4) Do you really struggle with one or more areas of the exam?

The diagnostic will help you gauge your starting point. But, it shouldn’t be the only practice test you take. Your study plan should contain strategically scheduled full-length practice exams. Next Step offers 5 practice exams here. You may find that you scored particularly low in a section or two on the diagnostic or are consistently scoring low in certain sections of the practice exams.

You want to give yourself enough time to improve in your weakest areas. If the Biological Processes section is impossible for you, cramming all that information in a month isn’t going to help you improve. If you have trouble with Critical Reading, you’ll want to give yourself plenty of time. This section is one of the harder to improve because there is no content that you can study to help you get better. It’s a skill that needs to be learned and nurtured. That takes time.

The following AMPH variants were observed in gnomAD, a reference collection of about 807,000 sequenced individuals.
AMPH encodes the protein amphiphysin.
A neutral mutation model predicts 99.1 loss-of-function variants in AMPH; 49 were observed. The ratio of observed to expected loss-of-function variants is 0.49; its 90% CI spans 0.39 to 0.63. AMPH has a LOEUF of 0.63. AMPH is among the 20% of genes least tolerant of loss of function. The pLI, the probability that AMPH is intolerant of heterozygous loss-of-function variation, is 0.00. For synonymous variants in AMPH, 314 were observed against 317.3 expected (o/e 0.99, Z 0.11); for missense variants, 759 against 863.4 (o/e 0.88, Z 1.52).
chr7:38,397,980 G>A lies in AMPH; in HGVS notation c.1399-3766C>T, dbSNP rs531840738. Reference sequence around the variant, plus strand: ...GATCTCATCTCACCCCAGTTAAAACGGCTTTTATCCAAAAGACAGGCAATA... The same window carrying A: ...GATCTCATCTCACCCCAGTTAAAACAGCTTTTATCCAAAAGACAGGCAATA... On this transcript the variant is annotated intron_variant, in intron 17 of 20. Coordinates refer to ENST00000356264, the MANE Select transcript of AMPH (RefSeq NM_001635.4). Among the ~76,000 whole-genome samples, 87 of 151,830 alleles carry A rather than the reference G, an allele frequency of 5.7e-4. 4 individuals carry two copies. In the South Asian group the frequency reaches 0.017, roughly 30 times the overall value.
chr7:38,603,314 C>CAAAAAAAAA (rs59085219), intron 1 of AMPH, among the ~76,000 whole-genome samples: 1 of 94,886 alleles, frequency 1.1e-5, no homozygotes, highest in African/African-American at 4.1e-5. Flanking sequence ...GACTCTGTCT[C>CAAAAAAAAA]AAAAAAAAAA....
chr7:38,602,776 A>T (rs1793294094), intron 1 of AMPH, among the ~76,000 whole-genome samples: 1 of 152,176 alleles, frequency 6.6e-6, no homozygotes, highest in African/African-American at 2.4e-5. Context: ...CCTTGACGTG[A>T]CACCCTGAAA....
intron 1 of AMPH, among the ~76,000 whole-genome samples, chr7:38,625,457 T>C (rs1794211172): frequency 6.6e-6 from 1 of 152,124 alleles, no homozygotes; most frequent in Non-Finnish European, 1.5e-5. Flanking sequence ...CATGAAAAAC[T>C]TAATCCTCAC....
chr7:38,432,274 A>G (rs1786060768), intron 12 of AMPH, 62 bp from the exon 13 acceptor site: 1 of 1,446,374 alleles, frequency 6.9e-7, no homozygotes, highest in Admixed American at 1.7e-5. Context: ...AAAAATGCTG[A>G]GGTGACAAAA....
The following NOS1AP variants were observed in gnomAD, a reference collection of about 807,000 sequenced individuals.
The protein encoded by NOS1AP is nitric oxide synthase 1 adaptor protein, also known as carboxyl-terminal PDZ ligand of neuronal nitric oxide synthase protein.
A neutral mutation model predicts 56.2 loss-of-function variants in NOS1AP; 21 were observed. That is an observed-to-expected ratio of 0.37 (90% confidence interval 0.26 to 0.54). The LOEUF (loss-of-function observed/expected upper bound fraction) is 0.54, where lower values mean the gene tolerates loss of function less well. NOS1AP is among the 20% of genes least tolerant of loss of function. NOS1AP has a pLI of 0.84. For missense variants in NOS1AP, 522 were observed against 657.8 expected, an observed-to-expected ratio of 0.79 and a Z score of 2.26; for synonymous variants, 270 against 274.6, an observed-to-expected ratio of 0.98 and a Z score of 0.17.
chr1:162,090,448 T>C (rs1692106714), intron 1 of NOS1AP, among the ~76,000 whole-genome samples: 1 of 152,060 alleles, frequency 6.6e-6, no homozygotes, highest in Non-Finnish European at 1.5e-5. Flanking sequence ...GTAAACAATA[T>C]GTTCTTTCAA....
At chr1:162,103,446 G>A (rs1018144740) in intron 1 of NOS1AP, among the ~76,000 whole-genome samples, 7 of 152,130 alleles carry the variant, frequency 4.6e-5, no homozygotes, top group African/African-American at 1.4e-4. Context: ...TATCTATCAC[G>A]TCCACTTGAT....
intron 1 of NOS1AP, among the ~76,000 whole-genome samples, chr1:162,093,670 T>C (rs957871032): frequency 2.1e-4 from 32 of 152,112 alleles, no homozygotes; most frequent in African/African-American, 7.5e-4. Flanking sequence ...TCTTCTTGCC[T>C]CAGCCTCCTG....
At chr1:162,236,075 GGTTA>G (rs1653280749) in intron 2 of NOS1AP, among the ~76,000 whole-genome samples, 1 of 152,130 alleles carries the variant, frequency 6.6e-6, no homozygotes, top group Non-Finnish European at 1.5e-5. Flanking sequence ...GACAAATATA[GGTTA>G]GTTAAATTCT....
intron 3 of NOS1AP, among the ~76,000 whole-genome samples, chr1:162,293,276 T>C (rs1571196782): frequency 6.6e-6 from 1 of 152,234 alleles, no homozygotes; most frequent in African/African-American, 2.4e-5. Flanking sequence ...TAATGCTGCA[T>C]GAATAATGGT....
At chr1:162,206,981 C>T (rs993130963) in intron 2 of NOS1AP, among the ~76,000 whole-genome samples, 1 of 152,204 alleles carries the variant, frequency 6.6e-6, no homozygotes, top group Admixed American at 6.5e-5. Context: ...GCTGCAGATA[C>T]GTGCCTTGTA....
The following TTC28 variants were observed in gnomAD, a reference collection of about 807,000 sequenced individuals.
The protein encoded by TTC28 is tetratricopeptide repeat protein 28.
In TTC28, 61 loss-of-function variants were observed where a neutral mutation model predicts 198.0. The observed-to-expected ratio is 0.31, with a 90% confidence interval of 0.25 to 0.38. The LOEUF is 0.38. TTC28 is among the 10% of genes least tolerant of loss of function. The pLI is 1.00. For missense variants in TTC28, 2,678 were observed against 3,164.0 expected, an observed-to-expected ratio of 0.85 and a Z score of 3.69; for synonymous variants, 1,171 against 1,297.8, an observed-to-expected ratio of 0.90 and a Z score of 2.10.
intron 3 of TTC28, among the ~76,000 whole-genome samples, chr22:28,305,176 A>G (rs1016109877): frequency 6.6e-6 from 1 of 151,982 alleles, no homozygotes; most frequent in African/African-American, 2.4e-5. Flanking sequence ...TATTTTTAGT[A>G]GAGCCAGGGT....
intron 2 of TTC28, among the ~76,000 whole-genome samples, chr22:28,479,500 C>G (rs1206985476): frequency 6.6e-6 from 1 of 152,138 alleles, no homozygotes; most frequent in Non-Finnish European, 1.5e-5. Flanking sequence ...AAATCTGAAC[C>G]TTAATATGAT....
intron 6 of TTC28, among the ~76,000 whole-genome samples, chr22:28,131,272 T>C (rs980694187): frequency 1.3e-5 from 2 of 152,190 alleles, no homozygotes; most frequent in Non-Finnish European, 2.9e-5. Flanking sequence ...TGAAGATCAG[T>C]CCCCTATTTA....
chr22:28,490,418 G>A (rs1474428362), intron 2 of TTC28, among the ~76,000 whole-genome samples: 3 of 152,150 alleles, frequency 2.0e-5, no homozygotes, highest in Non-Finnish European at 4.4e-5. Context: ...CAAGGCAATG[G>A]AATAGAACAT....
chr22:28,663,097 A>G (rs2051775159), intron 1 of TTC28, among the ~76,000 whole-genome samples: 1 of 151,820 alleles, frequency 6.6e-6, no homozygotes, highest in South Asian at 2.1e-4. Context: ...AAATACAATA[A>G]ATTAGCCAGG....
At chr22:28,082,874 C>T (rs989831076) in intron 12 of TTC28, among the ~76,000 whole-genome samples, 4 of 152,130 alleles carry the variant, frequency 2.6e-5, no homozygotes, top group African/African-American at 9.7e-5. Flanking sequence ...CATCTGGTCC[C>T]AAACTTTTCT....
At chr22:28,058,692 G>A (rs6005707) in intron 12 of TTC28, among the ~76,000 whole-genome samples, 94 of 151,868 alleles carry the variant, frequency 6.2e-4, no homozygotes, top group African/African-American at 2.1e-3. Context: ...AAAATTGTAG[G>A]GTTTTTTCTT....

5) What PCAT score are you aiming for?

Again, it is very important that you know which schools you plan to apply to. They won’t just have PCAT and application deadlines, they’ll have minimum or average PCAT scores and GPAs of accepted students. These numbers can help you to determine what score you’re aiming for.

If they have a minimum PCAT score, then you absolutely know what you need to score above. If they have an average PCAT and GPA listed, then you can determine what score you should be aiming for. If your GPA is a little lower than the average, you’ll want to shoot for a higher than average PCAT score to make up for it.